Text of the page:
I don’t think younger baseball fans – and by younger, I mean before age 50 or so – can understand the kind of September that Carl Yastrzemski had in 1967.
In the days before cable TV, you got your news largely from newspapers and radio, and that meant serious fans had to put a little more effort into the process, but they also received a greater reward. The “reward” was never greater than that tumultuous year when the whole country seemed to be fraying at the edges with a fury that would alarm even a hormonally challenged 17-year-old. I was both.
Yaz batted .416 in the final month of the season, but it seemed like closer to .700 for that amazing final week, including 4-for-4 on the final day when the Red Sox clinced the pennant and he nailed down his Triple Crown.
I got a chance to interview Yaz recently, and in brief window while he signed autographs at Dick Gordon’s Red Sox Reunion, he talked about that remarkable season.
“It was a very special team. It was the first time we had been involved in a pennant race, and we ended up winning the pennant,” Yaz recounted. “It was an ‘Impossible Dream.’ ”
And he didn’t hesitate to point out that it turned baseball around in New England. “When I first came up in 1961, we had around 8,000 people on opening day. Look at Ted Williams’ last game at Fenway: 10,000 or 12,000 people. The 1967 team changed everything.
“We became winners instead of losers, and it brought all the fans back to the ballpark.”
Throughout the interview, Yastrzemski seemed intent on putting the focus on the ballclub, rather than on his individual heroics, but I can think of few instances in baseball history when the efforts of one player so dominated the discussion.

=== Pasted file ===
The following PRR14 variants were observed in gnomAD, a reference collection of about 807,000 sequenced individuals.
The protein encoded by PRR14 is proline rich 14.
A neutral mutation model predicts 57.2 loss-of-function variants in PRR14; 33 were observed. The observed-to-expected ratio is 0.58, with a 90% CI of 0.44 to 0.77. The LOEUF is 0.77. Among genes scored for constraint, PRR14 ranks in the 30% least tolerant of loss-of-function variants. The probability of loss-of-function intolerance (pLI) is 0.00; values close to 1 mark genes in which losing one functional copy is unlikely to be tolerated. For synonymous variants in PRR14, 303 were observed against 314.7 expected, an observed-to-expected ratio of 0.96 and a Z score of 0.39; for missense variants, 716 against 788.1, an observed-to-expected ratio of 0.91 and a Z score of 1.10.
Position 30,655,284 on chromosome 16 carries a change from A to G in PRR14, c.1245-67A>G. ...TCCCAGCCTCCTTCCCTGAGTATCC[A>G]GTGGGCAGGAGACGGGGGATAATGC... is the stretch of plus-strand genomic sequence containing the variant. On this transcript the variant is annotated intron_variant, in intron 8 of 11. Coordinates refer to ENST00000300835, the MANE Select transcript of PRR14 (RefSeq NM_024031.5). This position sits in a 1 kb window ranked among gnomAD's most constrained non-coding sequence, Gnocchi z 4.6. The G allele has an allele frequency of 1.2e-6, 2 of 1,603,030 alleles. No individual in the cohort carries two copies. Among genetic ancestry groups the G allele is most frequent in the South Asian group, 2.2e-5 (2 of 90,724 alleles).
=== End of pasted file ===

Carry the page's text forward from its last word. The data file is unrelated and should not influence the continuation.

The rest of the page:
“Every single person on that team contributed in some way. You’ve got to give Dick Williams a lot of credit,” Yaz said, which the Hall of Fame has apparently agreed with, after voting the former manager in for this year’s induction this coming summer. I will have an interview with the new Hall of Famer in the coming weeks in these pages.
“I remember watching Williams work the other guys into the game, the guys who weren’t starting,” Yaz continued. “And he kept them all in shape so they were ready. It all proved itself in the last two months of the season when somebody would have to come in and fill in.
“When it came down to the last two weeks of that season, the game was fun again, playing the game when it was a team effort. My first six years, people would come out and watch because we were so bad, always finishing last or next-to-last.
“The last two months of the season, you didn’t necessarily have to get a hit; you could contribute with a play in the field, a walk, base running …. and you’d get a standing ovation.”
For Yaz and the older members of the ballclub, that incredible pennant race contrasted sharply with earlier seasons when the moribund franchise was struggling in the closing years of the Yankees’ unprecedented 16-year dynasty from 1949-64.
“The atmosphere was completely charged. I liked being in the pressure situations,” Yaz said between drags on a cigarette that would routinely hang precariously at the edge of the table. “People keep talking about the pressure, but believe me, there was no pressure. My first six years playing on a losing team was 10 times as tough as being in a pennant race. Plus, at the time they were always comparing me to Ted Williams,” Yaz said.
Yaz noted that while he hung on to his Triple Crown award from that remarkable season; most of his other trophies and awards have been given to the Hall of Fame. As the chart of recent auction sale prices below illustrates, collectors have managed to hang on to Yaz jerseys even if he wasn’t able to, and they’ve paid a pretty penny for them along the way.
T.S. O’Connell is the editor of Sports Collectors Digest. Reach him by e-mail at: thomas.o’firstname.lastname@example.org; or (715) 445-2214, ext. 243.